Bush’s Global AIDS Initiative Could be ‘Tarnished’ by Slow Start, AIDS Advocates Say
President Bush's five-year, $15 billion global AIDS initiative could be "tarnished" by an "anemic" start, Gannett/Detroit News reports. AIDS advocates had hoped for $3 billion in fiscal year 2004 for "massive" treatment and prevention efforts in the 12 African and two Caribbean countries covered by the initiative, but Republican congressional leaders are trying to hold spending to $2 billion (Frandsen, Gannett/Detroit News, 10/26). In addition, the Bush administration has requested only $2 billion, although the measure (HR 1298) supporting the initiative authorizes $3 billion for the first year of the program. Bush said that his administration requested less than $3 billion in funding for the first year of the initiative in order to give the program time to "ramp up" (Kaiser Daily HIV/AIDS Report, 9/17). DATA, an AIDS, debt relief and trade advocacy group, has said that the extra $1 billion could prevent 1.6 million new HIV infections and could provide 400,000 HIV-positive people with antiretroviral treatment, according to Gannett/Detroit News. AIDS advocates say that the epidemic has "dramatically" worsened poverty in countries hardest hit and could lead to slow economic growth and political instability in some countries. "We're saying this is an emergency. The president says it is an emergency. But $2 billion doesn't treat it as an emergency," DATA's Tom Hart said, adding, "You don't deal with a forest fire with a couple of garden hoses."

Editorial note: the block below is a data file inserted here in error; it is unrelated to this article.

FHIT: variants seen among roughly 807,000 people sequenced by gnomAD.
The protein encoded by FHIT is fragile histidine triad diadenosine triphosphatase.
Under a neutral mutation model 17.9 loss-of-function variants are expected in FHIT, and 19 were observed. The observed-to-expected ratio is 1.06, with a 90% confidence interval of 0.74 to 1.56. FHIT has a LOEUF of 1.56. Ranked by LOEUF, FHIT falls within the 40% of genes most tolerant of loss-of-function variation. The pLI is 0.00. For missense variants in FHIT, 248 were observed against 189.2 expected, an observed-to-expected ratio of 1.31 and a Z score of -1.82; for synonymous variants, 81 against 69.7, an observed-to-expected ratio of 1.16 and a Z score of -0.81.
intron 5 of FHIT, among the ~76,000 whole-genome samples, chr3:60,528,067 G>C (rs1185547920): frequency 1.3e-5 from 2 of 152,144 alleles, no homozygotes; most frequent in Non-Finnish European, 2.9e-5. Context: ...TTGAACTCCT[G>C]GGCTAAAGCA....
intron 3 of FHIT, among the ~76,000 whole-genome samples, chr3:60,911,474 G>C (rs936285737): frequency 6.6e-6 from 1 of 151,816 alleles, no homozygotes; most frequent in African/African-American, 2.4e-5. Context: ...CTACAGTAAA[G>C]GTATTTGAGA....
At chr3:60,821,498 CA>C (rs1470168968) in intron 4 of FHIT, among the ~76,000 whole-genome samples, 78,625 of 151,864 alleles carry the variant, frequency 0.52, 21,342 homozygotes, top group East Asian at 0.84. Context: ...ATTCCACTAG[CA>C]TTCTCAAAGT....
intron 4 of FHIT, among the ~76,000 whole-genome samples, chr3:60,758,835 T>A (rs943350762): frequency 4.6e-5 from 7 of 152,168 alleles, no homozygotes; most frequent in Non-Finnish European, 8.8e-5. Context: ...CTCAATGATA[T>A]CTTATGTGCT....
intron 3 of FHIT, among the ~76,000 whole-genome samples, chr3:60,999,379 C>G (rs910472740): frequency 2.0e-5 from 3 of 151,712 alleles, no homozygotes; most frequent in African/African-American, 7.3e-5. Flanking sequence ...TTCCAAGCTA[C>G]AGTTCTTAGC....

Some AIDS groups are hoping that the Senate will approve the full amount authorized, but "time is running short," Gannett/Detroit News reports (Gannett/Detroit News, 10/26). The Senate last month rejected an amendment to the FY 2004 labor, health and education services appropriations bill (HR 2660) that would have added $1 billion to the roughly $2 billion already appropriated by the Senate for the initiative. The House has approved approximately $2 billion for the AIDS initiative for FY 2004 (Kaiser Daily HIV/AIDS Report, 9/17). Most congressional Republicans are "comfortable" with the $2 billion amount, according to Gannett/Detroit News. "Contrary to the alarmist rhetoric of the hard left, we have achieved a great milestone if we get $2 billion for AIDS," Sam Stratman, spokesperson for House International Relations Committee Chair Henry Hyde (R-Ill.), said, adding, "We don't even know if there is a capacity to absorb this money." Serge Duss of World Vision said the additional $1 billion should be spent creating clinics, treatment networks and other infrastructure to provide prevention and treatment services (Gannett/Detroit News, 10/26).